angelhittingI came across this picture the other day, and it made me laugh because it reminded me so much of being a kid.  My brother would grab my hand and smack my face with it, and when I got angry and came at him, he would casually put his hand on the top of my head and hold me at arm’s length while I flailed like a windmill, unable to land even one punch from that distance. The more he laughed at me, the more I’d see red, which only increased the entertainment value for him.

When I was doing muy thai all the time some years ago, my trainer would occasionally get me backed into the corner of the ring, and all of that frustration I used to feel as a kid would come roaring back. I’d come at him like an unchained pitbull, snarling and grinding my teeth and wailing on him as hard as I could, totally uninterested in fighting clean — I just wanted to beat him back against the ropes on the other side of the ring, no matter how dirty I had to fight to do it. Afterwards, I’d be embarrassed that all the technique and training had flown out the window, but the next time he got me against the ropes, I’d come roaring out the same way. It was like my brain was stuck on a certain response.

Brain Input: Oh, snap! Are those the ropes I feel against my back?

Brain Output: So what that this guy was a professional MMA fighter? You can do it! Start swinging, you wuss!

Now, I’ve been known to get some things stuck — not just my brain. In fact, in the same one week period, I got the riding mower stuck twice in the exact same ditch (*note to self: the sides of the ditch cannot be mowed with a riding mower), and my Jeep stuck in a field. I took some flack for the tractor, but the Jeep was excavated by a friend who showed remarkable restraint and never once said, “You’re an idiot” while he was standing knee-deep in mud, surveying my accomplishment. He may have been thinking it. Probably was. (*note to friend: I don’t need to know.)

It wasn’t quite this bad. 

My brother is so accustomed to getting my calls about my being stuck, and needing to know how to start the weedwhacker (seriously, the fact that you have to hold it off the ground and pull the cord at the same time is a major design flaw), and what the rattle in the engine could mean, and how do I brine the turkey, and whether something on EBay is a good buy, and whether he can magically tell me from three states away where the drill is, etc. etc. that he doesn’t even say hello when he answers anymore. If he’s having a good day, he says, “Whatcha need, kiddo?” and if he’s not in the mood for my nonsense, he says, “Whaaaaaattttttt?” like Archie Bunker.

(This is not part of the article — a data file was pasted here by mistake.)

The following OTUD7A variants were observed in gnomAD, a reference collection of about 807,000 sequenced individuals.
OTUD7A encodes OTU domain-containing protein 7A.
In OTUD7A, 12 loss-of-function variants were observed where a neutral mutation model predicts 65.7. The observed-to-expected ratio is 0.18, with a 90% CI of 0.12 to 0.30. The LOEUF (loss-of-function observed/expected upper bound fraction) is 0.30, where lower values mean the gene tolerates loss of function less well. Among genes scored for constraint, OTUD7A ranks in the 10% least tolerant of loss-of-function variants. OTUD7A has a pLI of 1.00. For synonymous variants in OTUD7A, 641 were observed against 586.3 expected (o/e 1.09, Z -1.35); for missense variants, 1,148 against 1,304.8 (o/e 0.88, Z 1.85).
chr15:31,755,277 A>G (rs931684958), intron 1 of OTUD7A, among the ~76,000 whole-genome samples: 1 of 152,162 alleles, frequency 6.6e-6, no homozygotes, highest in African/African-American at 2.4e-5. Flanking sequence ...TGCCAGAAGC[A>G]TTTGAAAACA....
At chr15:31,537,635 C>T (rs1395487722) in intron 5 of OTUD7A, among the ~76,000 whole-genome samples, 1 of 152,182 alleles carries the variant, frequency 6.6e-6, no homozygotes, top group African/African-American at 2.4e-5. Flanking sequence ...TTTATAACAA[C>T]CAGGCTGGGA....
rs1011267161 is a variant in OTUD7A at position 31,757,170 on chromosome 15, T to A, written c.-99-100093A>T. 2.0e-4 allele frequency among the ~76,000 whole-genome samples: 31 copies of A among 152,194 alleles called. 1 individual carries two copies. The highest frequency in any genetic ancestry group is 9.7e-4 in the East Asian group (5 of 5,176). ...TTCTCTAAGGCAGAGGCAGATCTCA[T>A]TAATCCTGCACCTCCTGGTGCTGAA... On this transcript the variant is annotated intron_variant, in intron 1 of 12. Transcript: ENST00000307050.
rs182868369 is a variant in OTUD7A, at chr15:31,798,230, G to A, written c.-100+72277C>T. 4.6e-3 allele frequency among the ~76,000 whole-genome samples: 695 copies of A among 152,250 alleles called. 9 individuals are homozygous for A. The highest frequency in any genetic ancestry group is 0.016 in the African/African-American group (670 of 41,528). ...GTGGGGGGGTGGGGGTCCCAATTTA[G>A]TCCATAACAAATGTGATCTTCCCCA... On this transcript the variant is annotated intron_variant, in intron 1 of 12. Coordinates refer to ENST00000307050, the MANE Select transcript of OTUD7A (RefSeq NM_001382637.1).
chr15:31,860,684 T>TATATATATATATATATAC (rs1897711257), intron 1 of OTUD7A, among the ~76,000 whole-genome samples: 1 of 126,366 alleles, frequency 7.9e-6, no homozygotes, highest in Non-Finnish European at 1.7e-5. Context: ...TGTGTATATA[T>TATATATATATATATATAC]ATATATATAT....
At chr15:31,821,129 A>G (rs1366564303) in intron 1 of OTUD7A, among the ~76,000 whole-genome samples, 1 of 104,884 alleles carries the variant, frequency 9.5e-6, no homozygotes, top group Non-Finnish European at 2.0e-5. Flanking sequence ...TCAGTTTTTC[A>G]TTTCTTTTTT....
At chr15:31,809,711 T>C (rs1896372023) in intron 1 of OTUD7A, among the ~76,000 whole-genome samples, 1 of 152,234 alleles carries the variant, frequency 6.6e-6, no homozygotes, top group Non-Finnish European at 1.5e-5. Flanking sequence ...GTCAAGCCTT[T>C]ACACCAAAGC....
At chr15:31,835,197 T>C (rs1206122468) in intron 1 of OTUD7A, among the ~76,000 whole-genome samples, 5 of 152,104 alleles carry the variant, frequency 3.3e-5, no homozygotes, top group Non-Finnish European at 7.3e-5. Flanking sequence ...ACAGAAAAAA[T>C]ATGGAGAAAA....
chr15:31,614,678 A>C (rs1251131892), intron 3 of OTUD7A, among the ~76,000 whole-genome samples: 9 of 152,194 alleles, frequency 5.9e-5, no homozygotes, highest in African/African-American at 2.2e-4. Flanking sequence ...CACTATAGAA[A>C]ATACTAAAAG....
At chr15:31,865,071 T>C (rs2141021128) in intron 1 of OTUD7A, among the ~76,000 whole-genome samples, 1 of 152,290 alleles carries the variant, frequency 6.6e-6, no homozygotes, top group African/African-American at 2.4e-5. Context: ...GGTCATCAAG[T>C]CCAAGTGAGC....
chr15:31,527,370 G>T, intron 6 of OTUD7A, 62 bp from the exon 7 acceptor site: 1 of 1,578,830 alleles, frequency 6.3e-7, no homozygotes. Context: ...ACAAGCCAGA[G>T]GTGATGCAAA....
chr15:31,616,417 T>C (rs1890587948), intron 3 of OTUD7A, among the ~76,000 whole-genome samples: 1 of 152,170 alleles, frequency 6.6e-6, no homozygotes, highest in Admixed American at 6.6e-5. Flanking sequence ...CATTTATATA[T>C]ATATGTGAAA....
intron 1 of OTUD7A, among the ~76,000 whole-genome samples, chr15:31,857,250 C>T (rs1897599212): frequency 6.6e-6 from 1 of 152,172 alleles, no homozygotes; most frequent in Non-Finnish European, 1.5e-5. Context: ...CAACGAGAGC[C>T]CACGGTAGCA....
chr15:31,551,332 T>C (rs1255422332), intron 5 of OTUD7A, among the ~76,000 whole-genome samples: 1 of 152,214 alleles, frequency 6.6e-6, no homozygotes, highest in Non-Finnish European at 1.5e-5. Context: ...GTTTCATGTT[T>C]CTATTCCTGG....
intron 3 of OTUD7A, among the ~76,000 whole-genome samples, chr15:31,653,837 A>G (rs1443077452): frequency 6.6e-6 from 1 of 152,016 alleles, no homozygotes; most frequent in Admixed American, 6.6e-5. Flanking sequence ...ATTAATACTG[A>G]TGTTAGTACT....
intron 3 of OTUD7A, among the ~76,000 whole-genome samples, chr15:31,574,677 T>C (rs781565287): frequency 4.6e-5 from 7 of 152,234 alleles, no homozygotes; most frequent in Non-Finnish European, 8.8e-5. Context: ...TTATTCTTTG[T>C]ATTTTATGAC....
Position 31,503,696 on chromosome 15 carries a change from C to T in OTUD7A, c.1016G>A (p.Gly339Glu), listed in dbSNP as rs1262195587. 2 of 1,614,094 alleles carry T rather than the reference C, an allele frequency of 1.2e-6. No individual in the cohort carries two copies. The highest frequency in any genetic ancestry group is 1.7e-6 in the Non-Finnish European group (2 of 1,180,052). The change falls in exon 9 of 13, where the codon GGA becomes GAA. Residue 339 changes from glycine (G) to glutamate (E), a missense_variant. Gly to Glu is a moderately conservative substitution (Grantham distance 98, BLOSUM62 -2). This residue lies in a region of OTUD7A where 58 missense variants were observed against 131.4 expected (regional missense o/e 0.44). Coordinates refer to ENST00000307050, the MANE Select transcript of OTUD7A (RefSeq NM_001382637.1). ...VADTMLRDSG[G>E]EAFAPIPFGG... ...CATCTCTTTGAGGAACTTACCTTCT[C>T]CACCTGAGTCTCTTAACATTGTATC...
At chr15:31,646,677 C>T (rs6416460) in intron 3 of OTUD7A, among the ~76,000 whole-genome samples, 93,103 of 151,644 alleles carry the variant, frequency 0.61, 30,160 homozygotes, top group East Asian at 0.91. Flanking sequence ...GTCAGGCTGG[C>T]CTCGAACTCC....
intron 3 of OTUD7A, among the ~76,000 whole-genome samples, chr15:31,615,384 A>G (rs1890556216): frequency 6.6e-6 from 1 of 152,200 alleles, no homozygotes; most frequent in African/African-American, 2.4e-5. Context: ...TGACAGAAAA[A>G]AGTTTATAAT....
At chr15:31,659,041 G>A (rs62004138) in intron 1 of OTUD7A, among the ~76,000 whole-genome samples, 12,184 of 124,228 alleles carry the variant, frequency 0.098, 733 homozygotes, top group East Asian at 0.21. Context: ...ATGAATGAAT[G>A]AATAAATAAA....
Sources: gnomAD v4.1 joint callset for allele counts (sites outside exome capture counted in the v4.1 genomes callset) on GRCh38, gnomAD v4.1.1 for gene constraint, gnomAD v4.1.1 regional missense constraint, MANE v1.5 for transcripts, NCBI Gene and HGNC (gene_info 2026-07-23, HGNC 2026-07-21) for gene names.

Yes, I’m an ass in a hole. I get it. Very funny. Now, could you maybe grab a rope? 

Being stuck can be a way of life. We keep doing the same thing, living the same way, dealing with the same people in the same places with the same limitations and unmet needs and unrealized potential and unfulfilled expectations…and wonder why nothing ever gets better!

It doesn’t get better because we’re stuck. And stuck isn’t good. It isn’t right. It isn’t fun. And I don’t think it’s how we’re supposed to live.

So how do we get unstuck?  I don’t think the answer is generally cosmetic. It’s deeper than that, more meaningful.  Scarier.

I like what you’re doing with yourself these days, Bess. It’s very chic.

My friend Lisa sent me a photo last week, a screenshot of a screenshot, or something sufficiently techy like that.  It was a comment made by her former yoga teacher (or maybe current yoga teacher; I got lost in the details), and it seemed to me to be the best advice I’ve ever heard for getting unstuck. With compliments to yoga teacher Stephen F., here is what he said:

Act as if you trust your God.

Simple, huh?  That’s one of those things that is deceptively simple, yet utterly profound. Act as if you trust your God.  Stop and think about that for a minute. What would your life look like if you trusted your God?

Act as if you trust your God.

If I trusted God, and truly believed that he concerns himself with my life and knows the number of my days and knew me before I was born and has counted the hairs on my head and wants the best for me and puts people and experiences in my life with intention…all the things that Scripture tells us God does…what changes would I make? What goals would I achieve? What would I let go of?

Act as if you trust your God.

It’s a long list.  And it takes a tremendous amount of effort to trust anyone, even God.  But as MLK said, “Faith is taking the first step even when you can’t see the whole staircase.” There’s something extremely powerful in the idea of stepping off into the unknown and trusting that you will soar, not fall.

Not so much soaring…but props for at least trying to change her horizons.. 

I think the first step towards trust in God begins with altering our thinking, and moving from “Here’s what I will lose if I do A, B or C” to “Here is what I will gain.”  Moving from “Here is why this won’t work” to “Here is how this will succeed.”

Act as if you trust your God.

If you trusted your God — if you truly believed the words of Jeremiah 29:11 —  For surely I know the plans I have for you, says the Lord, plans for your welfare and not for harm, to give you a future with hope — what would you do differently?

Act as if you trust your God.  

I dare you.

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